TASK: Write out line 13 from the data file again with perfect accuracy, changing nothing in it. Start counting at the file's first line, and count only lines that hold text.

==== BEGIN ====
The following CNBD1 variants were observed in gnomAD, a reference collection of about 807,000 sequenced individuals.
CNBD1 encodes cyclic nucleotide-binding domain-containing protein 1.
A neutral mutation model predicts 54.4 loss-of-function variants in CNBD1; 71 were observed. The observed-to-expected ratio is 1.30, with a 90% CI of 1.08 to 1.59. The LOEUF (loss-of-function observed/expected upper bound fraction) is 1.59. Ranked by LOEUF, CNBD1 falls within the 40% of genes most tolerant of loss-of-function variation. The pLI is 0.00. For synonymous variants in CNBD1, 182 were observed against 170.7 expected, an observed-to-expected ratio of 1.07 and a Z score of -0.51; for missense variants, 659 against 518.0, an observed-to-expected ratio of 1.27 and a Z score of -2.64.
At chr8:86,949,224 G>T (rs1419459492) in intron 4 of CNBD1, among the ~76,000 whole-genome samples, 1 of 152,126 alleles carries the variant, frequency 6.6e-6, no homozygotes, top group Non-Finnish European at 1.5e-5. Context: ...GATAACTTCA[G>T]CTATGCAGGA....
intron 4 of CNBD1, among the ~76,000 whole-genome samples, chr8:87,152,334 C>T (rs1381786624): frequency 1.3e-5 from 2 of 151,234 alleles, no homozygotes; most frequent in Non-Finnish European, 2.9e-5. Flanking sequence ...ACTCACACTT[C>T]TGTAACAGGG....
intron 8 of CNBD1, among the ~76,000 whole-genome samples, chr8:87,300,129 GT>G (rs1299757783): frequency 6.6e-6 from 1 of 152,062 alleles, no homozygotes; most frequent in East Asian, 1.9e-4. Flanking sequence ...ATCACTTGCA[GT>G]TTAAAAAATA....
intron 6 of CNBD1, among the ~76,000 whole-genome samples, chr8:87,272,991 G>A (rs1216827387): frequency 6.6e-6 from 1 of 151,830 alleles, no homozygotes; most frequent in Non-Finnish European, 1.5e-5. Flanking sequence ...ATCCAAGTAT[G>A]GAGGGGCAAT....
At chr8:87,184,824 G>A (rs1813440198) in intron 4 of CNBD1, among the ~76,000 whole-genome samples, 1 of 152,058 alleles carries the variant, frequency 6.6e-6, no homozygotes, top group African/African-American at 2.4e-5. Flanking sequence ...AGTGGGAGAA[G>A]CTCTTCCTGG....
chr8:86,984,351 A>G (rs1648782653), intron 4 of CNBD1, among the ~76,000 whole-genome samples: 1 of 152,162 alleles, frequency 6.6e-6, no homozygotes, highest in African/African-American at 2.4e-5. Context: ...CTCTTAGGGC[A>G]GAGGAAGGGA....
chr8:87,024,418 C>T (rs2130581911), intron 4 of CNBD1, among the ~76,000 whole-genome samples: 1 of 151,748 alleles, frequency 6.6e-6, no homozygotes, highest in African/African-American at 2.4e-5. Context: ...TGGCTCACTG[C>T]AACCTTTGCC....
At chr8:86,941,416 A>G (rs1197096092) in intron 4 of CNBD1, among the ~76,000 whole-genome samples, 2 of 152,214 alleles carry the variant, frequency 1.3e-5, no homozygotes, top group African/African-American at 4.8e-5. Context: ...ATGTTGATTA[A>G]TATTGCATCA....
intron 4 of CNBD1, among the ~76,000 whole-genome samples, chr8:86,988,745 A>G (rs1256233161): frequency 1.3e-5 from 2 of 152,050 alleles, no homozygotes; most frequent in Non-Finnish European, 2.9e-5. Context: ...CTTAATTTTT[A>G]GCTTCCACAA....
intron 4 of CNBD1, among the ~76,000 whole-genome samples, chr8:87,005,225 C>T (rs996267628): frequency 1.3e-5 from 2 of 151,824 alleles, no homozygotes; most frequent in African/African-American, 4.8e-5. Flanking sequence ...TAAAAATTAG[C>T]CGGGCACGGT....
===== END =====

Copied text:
intron 4 of CNBD1, among the ~76,000 whole-genome samples, chr8:87,005,225 C>T (rs996267628): frequency 1.3e-5 from 2 of 151,824 alleles, no homozygotes; most frequent in African/African-American, 4.8e-5. Flanking sequence ...TAAAAATTAG[C>T]CGGGCACGGT....